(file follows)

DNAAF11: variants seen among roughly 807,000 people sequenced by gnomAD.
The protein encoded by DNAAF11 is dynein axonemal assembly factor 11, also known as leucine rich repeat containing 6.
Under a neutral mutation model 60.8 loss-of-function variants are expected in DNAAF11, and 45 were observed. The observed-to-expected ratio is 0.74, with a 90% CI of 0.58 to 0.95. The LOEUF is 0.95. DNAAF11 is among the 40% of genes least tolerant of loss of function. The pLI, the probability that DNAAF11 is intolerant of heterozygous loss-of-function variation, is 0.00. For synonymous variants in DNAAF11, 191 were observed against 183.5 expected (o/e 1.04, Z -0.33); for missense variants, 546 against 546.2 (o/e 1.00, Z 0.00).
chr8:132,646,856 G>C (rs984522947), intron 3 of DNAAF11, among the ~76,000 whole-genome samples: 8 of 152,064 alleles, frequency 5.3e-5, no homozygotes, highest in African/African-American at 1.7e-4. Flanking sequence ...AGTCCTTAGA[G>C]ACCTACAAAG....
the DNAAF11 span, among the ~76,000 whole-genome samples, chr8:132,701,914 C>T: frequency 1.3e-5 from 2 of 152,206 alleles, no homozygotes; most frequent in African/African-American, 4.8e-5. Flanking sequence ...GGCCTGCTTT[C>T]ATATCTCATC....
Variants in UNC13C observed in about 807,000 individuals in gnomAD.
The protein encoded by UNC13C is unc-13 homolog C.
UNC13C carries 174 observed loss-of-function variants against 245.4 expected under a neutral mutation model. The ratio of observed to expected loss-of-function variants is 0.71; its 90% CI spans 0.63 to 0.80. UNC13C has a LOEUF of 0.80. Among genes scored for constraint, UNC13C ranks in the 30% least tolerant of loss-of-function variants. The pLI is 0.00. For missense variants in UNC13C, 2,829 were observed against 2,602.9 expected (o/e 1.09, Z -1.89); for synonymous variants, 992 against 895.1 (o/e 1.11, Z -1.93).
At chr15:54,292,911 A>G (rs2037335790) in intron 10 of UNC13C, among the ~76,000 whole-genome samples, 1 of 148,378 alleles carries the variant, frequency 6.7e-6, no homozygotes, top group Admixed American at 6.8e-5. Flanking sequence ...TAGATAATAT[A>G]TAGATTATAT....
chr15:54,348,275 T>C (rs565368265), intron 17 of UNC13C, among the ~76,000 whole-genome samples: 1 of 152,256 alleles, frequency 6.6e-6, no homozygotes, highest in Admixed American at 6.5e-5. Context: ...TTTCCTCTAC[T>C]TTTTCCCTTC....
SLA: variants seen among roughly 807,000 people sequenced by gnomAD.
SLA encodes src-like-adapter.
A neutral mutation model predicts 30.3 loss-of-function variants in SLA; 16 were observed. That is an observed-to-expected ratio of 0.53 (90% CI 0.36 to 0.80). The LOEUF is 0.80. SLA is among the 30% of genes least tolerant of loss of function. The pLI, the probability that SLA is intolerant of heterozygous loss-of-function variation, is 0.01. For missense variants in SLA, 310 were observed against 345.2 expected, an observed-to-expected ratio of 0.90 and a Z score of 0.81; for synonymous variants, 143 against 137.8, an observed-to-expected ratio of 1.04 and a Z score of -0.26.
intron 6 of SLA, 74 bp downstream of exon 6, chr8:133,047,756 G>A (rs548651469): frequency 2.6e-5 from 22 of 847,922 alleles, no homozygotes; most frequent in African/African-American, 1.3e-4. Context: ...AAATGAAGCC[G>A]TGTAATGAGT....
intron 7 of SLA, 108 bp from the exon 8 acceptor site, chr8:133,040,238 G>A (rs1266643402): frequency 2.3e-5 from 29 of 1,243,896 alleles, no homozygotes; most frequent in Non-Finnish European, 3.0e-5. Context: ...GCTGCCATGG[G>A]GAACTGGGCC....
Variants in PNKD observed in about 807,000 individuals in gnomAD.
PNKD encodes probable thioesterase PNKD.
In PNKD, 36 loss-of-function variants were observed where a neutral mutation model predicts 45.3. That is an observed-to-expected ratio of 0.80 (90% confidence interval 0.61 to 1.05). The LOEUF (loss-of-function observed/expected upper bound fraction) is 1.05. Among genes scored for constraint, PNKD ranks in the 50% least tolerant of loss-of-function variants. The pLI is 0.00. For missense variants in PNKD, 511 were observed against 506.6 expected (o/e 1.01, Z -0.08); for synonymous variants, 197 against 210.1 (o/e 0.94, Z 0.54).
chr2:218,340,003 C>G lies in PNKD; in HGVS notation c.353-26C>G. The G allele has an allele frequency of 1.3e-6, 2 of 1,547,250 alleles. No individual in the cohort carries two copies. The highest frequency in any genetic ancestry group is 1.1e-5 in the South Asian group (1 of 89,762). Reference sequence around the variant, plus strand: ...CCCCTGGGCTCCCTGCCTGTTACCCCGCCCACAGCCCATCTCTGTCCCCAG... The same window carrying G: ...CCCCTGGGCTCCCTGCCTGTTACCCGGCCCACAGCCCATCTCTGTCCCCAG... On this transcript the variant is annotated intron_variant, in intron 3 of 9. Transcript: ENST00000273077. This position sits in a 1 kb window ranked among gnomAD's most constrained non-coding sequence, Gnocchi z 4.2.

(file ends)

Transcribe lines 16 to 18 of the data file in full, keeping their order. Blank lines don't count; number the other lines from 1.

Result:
Variants in PNKD observed in about 807,000 individuals in gnomAD.
PNKD encodes probable thioesterase PNKD.
In PNKD, 36 loss-of-function variants were observed where a neutral mutation model predicts 45.3. That is an observed-to-expected ratio of 0.80 (90% confidence interval 0.61 to 1.05). The LOEUF (loss-of-function observed/expected upper bound fraction) is 1.05. Among genes scored for constraint, PNKD ranks in the 50% least tolerant of loss-of-function variants. The pLI is 0.00. For missense variants in PNKD, 511 were observed against 506.6 expected (o/e 1.01, Z -0.08); for synonymous variants, 197 against 210.1 (o/e 0.94, Z 0.54).